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Whipped Wax: Icing On Top of the Cake

by Chandler 20. June 2013 17:24

You may be familiar with the technique of whipping wax. We've shared it with you before in our "How to Make a Snowball Candle" post. If you're not familiar, the whipped wax technique is a great way to liven up any simple candle.

We've seen people use this technique for a wide variety of candle projects, from cakes and cupcakes to foaming beverage candles, like the hot cocoa project below!

It may take a little practice to perfect this technique. Whipped wax cools very quickly, so if you don't work fast enough it can become unmanageable. Also, it is a VERY messy process, so be sure you have your old clothes on and are working on a surface that's easy to clean!

The Hot Cocoa Candle

*Project and photo credit goes to: Spoonful.com

What you need:

2 3/4 cups soy wax

Pouring container

1/3 of a 3/4 ounce cube of brown wax dye

6-ounce glass mug (made for hot beverages) or a mason jar

9-inch-tall prewaxed wire wick with clip

How to make it

  1. Melt 1 3/4 cups of soy wax in a pouring container or heatproof measuring cup in the microwave according to the package directions. While the wax melts, chop the dye into smaller pieces and stir it in.
  2. Pour the wax into the mug and insert the wiick.

To make the whipped cream:

  1. Melt the remaining wax and let it cool until it's opaque, about 5 minutes.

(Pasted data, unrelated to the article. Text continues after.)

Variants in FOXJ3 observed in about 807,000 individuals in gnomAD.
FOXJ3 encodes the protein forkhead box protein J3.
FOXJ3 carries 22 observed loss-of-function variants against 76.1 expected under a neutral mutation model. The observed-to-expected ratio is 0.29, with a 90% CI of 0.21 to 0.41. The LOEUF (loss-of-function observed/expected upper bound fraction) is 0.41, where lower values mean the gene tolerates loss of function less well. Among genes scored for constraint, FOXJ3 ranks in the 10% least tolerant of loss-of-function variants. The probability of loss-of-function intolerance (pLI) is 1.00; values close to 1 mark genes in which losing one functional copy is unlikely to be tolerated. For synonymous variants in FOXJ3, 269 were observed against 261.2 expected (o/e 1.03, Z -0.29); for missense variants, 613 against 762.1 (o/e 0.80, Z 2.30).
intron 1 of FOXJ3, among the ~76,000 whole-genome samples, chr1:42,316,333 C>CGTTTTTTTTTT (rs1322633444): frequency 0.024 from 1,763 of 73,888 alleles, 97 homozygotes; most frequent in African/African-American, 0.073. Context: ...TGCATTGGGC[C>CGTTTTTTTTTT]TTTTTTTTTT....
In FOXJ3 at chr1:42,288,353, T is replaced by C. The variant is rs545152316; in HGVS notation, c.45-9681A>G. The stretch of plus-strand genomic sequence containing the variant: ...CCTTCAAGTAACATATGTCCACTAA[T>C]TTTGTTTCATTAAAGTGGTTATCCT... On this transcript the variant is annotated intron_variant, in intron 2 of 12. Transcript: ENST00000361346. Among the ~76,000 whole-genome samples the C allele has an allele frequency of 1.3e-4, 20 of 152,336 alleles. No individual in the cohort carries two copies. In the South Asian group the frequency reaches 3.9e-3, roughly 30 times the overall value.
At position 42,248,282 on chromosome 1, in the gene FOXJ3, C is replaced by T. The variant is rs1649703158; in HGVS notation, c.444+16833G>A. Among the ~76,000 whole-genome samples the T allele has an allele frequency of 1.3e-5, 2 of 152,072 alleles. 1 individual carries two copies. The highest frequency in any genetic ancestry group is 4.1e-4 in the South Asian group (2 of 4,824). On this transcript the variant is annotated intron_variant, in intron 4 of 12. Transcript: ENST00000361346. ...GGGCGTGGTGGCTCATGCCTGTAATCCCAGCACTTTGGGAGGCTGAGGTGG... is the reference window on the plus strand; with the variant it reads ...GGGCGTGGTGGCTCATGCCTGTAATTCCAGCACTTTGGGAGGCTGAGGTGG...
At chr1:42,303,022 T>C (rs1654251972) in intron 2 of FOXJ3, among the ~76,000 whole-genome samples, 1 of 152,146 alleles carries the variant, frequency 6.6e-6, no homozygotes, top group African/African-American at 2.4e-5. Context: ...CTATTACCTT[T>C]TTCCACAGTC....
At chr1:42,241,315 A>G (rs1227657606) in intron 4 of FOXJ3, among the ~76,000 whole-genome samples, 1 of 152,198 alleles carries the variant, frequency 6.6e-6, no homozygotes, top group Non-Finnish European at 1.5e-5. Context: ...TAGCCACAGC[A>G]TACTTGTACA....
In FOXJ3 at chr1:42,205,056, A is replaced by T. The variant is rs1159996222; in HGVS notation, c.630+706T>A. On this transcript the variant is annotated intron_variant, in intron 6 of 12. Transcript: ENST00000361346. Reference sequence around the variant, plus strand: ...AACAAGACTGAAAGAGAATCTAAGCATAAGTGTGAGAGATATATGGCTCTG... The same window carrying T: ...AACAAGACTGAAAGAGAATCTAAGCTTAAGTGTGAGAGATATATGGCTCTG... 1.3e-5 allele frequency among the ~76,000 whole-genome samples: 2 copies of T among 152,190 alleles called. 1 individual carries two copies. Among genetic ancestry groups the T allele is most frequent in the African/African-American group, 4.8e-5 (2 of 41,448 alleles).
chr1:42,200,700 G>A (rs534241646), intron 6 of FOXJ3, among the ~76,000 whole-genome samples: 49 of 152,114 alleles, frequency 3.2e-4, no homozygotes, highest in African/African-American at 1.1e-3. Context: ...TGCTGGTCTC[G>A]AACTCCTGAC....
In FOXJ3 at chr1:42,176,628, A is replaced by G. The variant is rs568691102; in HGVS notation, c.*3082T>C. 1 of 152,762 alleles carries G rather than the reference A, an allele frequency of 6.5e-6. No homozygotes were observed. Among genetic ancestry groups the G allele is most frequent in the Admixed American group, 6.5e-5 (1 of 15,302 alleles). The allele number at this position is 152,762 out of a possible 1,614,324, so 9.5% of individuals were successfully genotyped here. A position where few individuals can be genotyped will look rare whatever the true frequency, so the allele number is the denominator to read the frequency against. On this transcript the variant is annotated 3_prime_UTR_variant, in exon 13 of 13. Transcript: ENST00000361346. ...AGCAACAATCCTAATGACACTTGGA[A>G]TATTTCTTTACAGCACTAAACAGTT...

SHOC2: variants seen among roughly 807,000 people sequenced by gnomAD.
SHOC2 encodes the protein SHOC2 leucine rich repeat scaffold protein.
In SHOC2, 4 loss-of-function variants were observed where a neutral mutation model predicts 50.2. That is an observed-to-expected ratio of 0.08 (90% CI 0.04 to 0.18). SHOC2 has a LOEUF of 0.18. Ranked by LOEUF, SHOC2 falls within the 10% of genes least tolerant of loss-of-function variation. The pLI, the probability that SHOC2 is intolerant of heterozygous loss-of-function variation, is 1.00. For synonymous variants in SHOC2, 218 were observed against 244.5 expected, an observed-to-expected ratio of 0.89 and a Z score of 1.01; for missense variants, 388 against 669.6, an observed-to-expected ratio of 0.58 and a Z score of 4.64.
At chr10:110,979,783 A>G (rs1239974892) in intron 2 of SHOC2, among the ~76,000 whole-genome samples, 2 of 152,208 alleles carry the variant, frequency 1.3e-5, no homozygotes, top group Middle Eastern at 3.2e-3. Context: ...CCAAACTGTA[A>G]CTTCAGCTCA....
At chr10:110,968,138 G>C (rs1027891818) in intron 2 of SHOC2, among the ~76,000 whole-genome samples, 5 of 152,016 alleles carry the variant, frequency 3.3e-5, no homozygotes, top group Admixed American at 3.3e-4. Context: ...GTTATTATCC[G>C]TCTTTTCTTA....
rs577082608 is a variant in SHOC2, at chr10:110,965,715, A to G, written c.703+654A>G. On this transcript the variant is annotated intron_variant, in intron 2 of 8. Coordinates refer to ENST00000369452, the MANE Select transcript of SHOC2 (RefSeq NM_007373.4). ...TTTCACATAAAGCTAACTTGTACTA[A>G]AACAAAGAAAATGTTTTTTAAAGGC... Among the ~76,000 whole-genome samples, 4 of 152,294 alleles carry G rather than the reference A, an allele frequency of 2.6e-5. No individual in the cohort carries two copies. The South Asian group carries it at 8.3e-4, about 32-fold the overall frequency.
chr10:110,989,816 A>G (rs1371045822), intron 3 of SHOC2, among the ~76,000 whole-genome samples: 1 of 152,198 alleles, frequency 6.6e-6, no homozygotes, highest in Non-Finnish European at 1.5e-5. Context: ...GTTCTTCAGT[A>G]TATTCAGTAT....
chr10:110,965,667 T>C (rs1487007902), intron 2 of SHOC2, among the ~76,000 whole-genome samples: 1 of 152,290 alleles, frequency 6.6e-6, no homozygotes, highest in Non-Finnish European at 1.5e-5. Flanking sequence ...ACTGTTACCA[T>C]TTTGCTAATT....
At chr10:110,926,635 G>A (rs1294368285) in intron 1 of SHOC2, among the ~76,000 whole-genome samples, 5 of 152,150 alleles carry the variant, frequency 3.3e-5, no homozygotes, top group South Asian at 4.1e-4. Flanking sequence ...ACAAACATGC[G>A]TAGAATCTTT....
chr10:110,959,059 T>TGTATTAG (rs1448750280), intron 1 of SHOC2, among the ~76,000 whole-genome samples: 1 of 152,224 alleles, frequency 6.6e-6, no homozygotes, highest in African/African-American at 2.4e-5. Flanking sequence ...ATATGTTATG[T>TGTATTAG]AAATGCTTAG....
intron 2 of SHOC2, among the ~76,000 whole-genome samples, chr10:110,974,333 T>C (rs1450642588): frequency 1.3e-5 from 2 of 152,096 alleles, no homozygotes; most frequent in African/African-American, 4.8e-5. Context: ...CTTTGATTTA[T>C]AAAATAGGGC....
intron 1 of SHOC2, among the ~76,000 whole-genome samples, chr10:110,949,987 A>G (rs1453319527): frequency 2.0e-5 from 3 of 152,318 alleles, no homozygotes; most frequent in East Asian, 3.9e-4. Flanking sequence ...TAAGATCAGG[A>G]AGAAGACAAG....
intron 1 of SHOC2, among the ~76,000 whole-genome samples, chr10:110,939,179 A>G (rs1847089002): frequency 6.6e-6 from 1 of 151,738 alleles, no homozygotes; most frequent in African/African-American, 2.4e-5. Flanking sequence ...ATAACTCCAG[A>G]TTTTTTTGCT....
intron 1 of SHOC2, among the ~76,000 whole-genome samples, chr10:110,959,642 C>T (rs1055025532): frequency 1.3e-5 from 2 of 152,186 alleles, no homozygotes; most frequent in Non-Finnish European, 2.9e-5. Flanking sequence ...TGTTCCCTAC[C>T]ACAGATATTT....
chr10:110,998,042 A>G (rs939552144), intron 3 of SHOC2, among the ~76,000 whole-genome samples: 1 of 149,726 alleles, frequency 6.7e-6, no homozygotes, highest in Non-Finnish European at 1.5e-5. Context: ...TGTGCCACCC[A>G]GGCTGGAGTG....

2. Whip the wax with a form until it begins to form frothy peaks. If the wax is too thin, wait a few minutes and try again. If it thickens too quickly you will need to remelt it.
  3. Scoop the whipped wax onto the cocoa. Let it cool, then trim the wick.

 

You can use the whipped wax technique for a variety of other candle projects! It will certainly be the icing on top of the cake!


Get Creative with Candle Containers!

by Chandler 17. May 2013 20:03

We scoured the Internet to find some new and inspiring candle container ideas for you to try! Whether you’re looking for a dazzling centerpiece or a gift for a dear friend, these DIY ideas take candles to a whole new level.

Teacup Candles

This blog shows us how to upcycle vintage teacups into cute candles. We think these would be perfect for bridal shower décor or gifts!
You can buy the supplies to make teacup candles on our site!

  • Soy Wax: Not sure which you like best? Try out sampler set!
  • Wicks

Learn how to make them:
http://theresakistel.com/diy-teacup-candles/

Bottle Candles

The newest candle trend going around is wine bottle candles. You can buy them from companies online, but they are very inexpensive to make yourself! Whether you want to remember a special event or just hate to throw away a beautiful bottle, you can transform them into your own candles!
You can buy the supplies to make bottle candles on our site!

Learn how to make them:
http://discoveringlifesstitches.blogspot.com/2013/01/wine-bottle-candles-diy.html

There are numerous ideas out there for making candles in creative containers, from fresh fruit to seashells and tin cans! Think out of the box! Don’t forget to stock up on supplies from Candlewic, then share your creative candle creations with us on Facebook!


Green Candle Making: Environmentally Friendly Options

by Chandler 10. October 2012 01:32

Without doubt one of the hottest topics in the US right now is the continued momentum in the marketing power of “Green Products.” No longer when someone refers to green does it mean money. The latest buzz associated with the multi-meaning word "green" is products/services that promote global environmental protection. This can be a very small effort such as the new trend in emails of putting a footnote at the bottom of the email “not to print out unless necessary” all the way up to homes that can now be self sufficient with solar power, wind, and other environmentally friendly features.